Today’s article takes a look at a recent intellectual property case involving Amazon and the Court of Justice of the EU. The court finds that online marketplaces like Amazon can be held liable for trademark infringement, keep reading to learn more.

 

This is a highly significant case due to the status and profile of Amazon as a company, which is the largest e-commerce website in the world. Amazon’s logistics have helped it to become the first choice for people in the UK, with the ability of consumers to order products for next day delivery for no extra cost, setting it apart from competitors.

 

Despite this, not all products are sold by Amazon itself, with Amazon itself essentially functioning as a marketplace for merchants to sell their products. This results in a different level of quality among sellers, with some being better than others.

 

The finding by the Court of Justice (CJEU) holds online marketplaces to account by finding that online marketplaces like Amazon can be held liable for counterfeits sold by third parties. This is a landmark case which is contrary to an earlier opinion given by the Advocate General. It is important to remember that in terms of the application of this decision in the UK, Court of Justice decisions are not binding for the Courts of England and Wales, however these decisions do remain influential.

 

Background

 

The claimant in the case, Christian Louboutin, is a French designer of luxury shoes and handbags. He owns his own brand Christian Louboutin, and his brand is best known for their high-heeled women’s shoes. Christian Louboutin originally brought cases against Amazon in a Belgian and Luxembourg court in 2019 because Amazon had displayed ads for red-soled shoes. The reason why this was an issue is that Louboutin is famous for its red-soled shoes, to the extent that they are in fact registered as a trademark within the EU. It is also registered as a trademark in Belgium, Luxembourg and the Netherlands.

 

Louboutin discovered that a third-party seller, not Amazon itself, was selling counterfeit versions of Louboutin’s iconic red-soled high-heeled shoes. The company did not authorize his own products to be sold on the Amazon platform or Amazon’s third-party sellers. Louboutin believed that Amazon violated the exclusive rights of the Louboutin trademark, despite not selling the counterfeit product directly themselves. They therefore blamed Amazon for not making it clear whether a good is sold directly by Amazon or a third party.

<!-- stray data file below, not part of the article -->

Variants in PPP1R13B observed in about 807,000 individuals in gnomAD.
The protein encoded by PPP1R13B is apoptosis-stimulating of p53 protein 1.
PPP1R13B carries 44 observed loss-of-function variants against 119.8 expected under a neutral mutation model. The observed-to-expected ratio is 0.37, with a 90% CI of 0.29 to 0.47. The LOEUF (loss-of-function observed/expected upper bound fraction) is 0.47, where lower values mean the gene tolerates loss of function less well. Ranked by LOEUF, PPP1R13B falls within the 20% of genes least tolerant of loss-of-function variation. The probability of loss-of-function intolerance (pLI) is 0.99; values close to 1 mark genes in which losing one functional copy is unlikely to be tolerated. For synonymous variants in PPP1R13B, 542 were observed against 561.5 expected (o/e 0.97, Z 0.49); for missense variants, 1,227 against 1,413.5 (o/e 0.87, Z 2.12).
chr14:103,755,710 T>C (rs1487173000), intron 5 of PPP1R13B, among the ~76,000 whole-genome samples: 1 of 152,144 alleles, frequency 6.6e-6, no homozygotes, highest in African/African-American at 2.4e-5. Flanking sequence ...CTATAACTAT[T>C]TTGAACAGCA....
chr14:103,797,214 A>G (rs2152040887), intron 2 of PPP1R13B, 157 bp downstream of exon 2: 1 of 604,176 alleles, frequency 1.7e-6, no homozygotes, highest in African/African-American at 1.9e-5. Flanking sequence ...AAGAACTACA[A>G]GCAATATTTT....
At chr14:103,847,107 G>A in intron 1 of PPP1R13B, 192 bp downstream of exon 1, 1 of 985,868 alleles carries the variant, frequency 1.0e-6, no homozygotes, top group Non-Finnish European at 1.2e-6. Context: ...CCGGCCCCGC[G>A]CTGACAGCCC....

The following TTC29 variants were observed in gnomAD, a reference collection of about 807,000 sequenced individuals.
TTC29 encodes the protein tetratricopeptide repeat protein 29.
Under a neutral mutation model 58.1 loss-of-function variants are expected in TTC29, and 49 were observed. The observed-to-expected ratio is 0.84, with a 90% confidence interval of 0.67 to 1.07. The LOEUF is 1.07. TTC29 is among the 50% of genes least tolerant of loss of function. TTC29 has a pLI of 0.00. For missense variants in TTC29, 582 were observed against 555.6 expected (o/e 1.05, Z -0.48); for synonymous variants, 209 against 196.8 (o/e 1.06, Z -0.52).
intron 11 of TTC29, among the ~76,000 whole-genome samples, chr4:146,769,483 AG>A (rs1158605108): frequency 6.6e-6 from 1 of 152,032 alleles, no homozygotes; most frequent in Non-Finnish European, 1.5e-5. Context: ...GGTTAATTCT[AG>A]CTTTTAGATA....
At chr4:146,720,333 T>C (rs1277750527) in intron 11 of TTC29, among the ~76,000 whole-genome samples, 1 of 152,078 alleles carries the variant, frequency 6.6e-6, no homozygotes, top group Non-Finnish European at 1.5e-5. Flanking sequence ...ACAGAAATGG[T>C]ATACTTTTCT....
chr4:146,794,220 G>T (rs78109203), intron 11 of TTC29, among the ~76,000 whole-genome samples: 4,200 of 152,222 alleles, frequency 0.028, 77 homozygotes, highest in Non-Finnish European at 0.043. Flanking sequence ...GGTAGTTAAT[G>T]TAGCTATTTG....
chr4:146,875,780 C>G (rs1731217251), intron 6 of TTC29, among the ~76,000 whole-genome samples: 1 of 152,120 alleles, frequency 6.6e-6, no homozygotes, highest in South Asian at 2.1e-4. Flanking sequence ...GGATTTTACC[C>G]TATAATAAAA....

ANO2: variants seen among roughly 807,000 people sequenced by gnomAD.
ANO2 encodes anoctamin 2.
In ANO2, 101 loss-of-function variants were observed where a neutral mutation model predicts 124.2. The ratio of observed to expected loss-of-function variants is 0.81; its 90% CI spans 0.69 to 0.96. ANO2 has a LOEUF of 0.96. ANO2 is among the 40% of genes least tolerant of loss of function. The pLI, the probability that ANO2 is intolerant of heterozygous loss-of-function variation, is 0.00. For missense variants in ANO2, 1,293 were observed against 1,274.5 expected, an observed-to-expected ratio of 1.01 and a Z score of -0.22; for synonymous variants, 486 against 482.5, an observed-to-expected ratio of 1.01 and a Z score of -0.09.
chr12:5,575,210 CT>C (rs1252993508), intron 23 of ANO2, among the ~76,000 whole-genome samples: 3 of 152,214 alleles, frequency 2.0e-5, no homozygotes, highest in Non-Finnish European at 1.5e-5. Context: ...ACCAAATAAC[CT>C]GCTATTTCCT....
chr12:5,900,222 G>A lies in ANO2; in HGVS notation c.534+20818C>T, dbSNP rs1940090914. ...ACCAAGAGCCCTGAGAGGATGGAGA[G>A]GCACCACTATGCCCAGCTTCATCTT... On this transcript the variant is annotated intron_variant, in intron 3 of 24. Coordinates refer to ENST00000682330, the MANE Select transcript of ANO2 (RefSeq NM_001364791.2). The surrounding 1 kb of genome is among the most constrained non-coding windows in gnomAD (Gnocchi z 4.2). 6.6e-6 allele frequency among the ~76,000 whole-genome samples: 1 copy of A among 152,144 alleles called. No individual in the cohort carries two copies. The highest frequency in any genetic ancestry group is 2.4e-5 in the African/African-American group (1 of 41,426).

Following the case being brought before the Court of Justice of the European Union, this led to preliminary questions as to the possible liability of Amazon for infringement resulting from the use of the illustrious red sole trademark. The colour red corresponds to Pantone code 18-1663TP or “Chinese red”. The uses of the trademark in question include:

 

  • The use of the trademark in the context of commercial advertising
  • The trademark being displayed in an undifferentiated manner, obstructing transparency as to the origin of the products.
  • The use of the trademark during the storage and the dispatch, by Amazon, of counterfeit products bearing the said trademark and sold by third parties.

 

Court decision

 

The European Court of Justice held that one party’s unauthorized use of the same trademark as the other party’s trademark in fact means the use of the trademark. As a result, they found that the presence of the trademark in question on the Amazon platform does violate Article 9(2a) of the EU Trademark Regulation (Regulation No. 2017/1001).

 

Among other things, the Court noted that such use may give users of the online marketplace the impression that the advertisement for the product does not come from a third-party seller, but from the operator of the marketplace (Amazon). Amazon operates a “hybrid business model” in which it acts as both a marketplace operator and a third-party logistics service provider, which leaves consumers potentially sceptical about the source of infringing goods (whether it’s Amazon or a third-party seller).

 

Briefly, the court held that Amazon is different from online platforms such as eBay. This type of e-commerce only provides a “market environment” and does not participate in promotion, payment and delivery, while Amazon is deeply involved in it.

 

Therefore, although Amazon should not be liable for infringement, it does not mean that Amazon is exempt from infringement allegations on the basis of joint responsibility. This also means that if there is a trademark infringement problem on the Amazon platform in the future, it is not only the problem of the third-party merchants, but the Amazon platform can also be responsible for the infringing and counterfeit products sold by the third party.

 

Our thoughts

 

This case is likely to be a divisive one. On the one hand, many argue that Internet giants like Amazon have too much power and authority over the online marketplace anyway, and therefore the decision is welcomed. Certainly, brands like Louboutin would also welcome this decision, which reduces competition by removing imitations of their products.

 

On the other hand, many might argue that the decision goes too far. By increasing bureaucracy and oversight because of Amazon bearing responsibility for advertising counterfeit products on their marketplace, this could result in costs being passed on to the consumer, as well as reducing their choice. It could also be argued that it is harsh to punish the marketplace directly for trademark infringements by a third-party seller.

 

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